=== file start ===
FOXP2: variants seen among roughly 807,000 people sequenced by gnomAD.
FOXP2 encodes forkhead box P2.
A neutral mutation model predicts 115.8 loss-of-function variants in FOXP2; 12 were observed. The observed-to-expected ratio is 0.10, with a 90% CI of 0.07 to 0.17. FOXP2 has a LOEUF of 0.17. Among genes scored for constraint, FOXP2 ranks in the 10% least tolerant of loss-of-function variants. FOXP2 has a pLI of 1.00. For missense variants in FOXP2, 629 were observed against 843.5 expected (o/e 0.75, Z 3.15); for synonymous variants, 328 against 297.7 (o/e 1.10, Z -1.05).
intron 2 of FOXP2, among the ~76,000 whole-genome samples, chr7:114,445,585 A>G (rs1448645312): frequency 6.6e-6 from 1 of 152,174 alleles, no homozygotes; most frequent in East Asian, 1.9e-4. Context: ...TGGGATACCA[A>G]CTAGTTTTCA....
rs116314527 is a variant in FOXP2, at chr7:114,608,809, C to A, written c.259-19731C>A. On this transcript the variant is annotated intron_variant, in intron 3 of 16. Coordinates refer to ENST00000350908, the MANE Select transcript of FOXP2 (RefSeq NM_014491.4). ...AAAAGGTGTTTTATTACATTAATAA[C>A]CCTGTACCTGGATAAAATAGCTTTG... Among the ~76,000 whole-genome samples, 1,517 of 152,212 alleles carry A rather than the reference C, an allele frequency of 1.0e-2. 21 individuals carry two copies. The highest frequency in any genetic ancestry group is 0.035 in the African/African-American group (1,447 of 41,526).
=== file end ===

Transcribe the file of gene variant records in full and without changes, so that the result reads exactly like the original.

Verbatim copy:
FOXP2: variants seen among roughly 807,000 people sequenced by gnomAD.
FOXP2 encodes forkhead box P2.
A neutral mutation model predicts 115.8 loss-of-function variants in FOXP2; 12 were observed. The observed-to-expected ratio is 0.10, with a 90% CI of 0.07 to 0.17. FOXP2 has a LOEUF of 0.17. Among genes scored for constraint, FOXP2 ranks in the 10% least tolerant of loss-of-function variants. FOXP2 has a pLI of 1.00. For missense variants in FOXP2, 629 were observed against 843.5 expected (o/e 0.75, Z 3.15); for synonymous variants, 328 against 297.7 (o/e 1.10, Z -1.05).
intron 2 of FOXP2, among the ~76,000 whole-genome samples, chr7:114,445,585 A>G (rs1448645312): frequency 6.6e-6 from 1 of 152,174 alleles, no homozygotes; most frequent in East Asian, 1.9e-4. Context: ...TGGGATACCA[A>G]CTAGTTTTCA....
rs116314527 is a variant in FOXP2, at chr7:114,608,809, C to A, written c.259-19731C>A. On this transcript the variant is annotated intron_variant, in intron 3 of 16. Coordinates refer to ENST00000350908, the MANE Select transcript of FOXP2 (RefSeq NM_014491.4). ...AAAAGGTGTTTTATTACATTAATAA[C>A]CCTGTACCTGGATAAAATAGCTTTG... Among the ~76,000 whole-genome samples, 1,517 of 152,212 alleles carry A rather than the reference C, an allele frequency of 1.0e-2. 21 individuals carry two copies. The highest frequency in any genetic ancestry group is 0.035 in the African/African-American group (1,447 of 41,526).